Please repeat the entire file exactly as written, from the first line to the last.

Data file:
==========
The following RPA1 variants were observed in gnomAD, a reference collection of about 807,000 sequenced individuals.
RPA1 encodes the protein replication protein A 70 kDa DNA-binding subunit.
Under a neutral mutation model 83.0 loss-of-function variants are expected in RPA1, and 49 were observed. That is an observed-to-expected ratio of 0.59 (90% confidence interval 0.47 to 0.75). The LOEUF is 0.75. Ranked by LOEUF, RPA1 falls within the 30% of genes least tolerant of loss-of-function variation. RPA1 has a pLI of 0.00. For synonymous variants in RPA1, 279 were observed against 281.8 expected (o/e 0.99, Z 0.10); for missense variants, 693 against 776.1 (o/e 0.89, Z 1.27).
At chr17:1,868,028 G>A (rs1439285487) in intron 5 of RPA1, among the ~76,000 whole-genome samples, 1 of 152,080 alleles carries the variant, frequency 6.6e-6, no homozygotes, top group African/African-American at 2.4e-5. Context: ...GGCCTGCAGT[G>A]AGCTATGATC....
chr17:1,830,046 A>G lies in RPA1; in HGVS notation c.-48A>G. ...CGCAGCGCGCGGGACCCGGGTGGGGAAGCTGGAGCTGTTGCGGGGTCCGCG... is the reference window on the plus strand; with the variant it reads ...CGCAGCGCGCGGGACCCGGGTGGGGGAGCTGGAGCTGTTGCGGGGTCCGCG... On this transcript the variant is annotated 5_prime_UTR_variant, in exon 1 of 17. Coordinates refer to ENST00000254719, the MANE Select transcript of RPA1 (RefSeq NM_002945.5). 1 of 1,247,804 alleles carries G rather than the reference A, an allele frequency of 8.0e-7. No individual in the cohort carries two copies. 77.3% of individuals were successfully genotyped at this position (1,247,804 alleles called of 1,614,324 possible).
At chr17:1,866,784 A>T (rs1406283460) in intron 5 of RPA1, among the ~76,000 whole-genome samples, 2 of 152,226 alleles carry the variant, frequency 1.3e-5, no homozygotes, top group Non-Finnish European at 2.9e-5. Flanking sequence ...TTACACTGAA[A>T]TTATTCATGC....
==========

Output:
The following RPA1 variants were observed in gnomAD, a reference collection of about 807,000 sequenced individuals.
RPA1 encodes the protein replication protein A 70 kDa DNA-binding subunit.
Under a neutral mutation model 83.0 loss-of-function variants are expected in RPA1, and 49 were observed. That is an observed-to-expected ratio of 0.59 (90% confidence interval 0.47 to 0.75). The LOEUF is 0.75. Ranked by LOEUF, RPA1 falls within the 30% of genes least tolerant of loss-of-function variation. RPA1 has a pLI of 0.00. For synonymous variants in RPA1, 279 were observed against 281.8 expected (o/e 0.99, Z 0.10); for missense variants, 693 against 776.1 (o/e 0.89, Z 1.27).
At chr17:1,868,028 G>A (rs1439285487) in intron 5 of RPA1, among the ~76,000 whole-genome samples, 1 of 152,080 alleles carries the variant, frequency 6.6e-6, no homozygotes, top group African/African-American at 2.4e-5. Context: ...GGCCTGCAGT[G>A]AGCTATGATC....
chr17:1,830,046 A>G lies in RPA1; in HGVS notation c.-48A>G. ...CGCAGCGCGCGGGACCCGGGTGGGGAAGCTGGAGCTGTTGCGGGGTCCGCG... is the reference window on the plus strand; with the variant it reads ...CGCAGCGCGCGGGACCCGGGTGGGGGAGCTGGAGCTGTTGCGGGGTCCGCG... On this transcript the variant is annotated 5_prime_UTR_variant, in exon 1 of 17. Coordinates refer to ENST00000254719, the MANE Select transcript of RPA1 (RefSeq NM_002945.5). 1 of 1,247,804 alleles carries G rather than the reference A, an allele frequency of 8.0e-7. No individual in the cohort carries two copies. 77.3% of individuals were successfully genotyped at this position (1,247,804 alleles called of 1,614,324 possible).
At chr17:1,866,784 A>T (rs1406283460) in intron 5 of RPA1, among the ~76,000 whole-genome samples, 2 of 152,226 alleles carry the variant, frequency 1.3e-5, no homozygotes, top group Non-Finnish European at 2.9e-5. Flanking sequence ...TTACACTGAA[A>T]TTATTCATGC....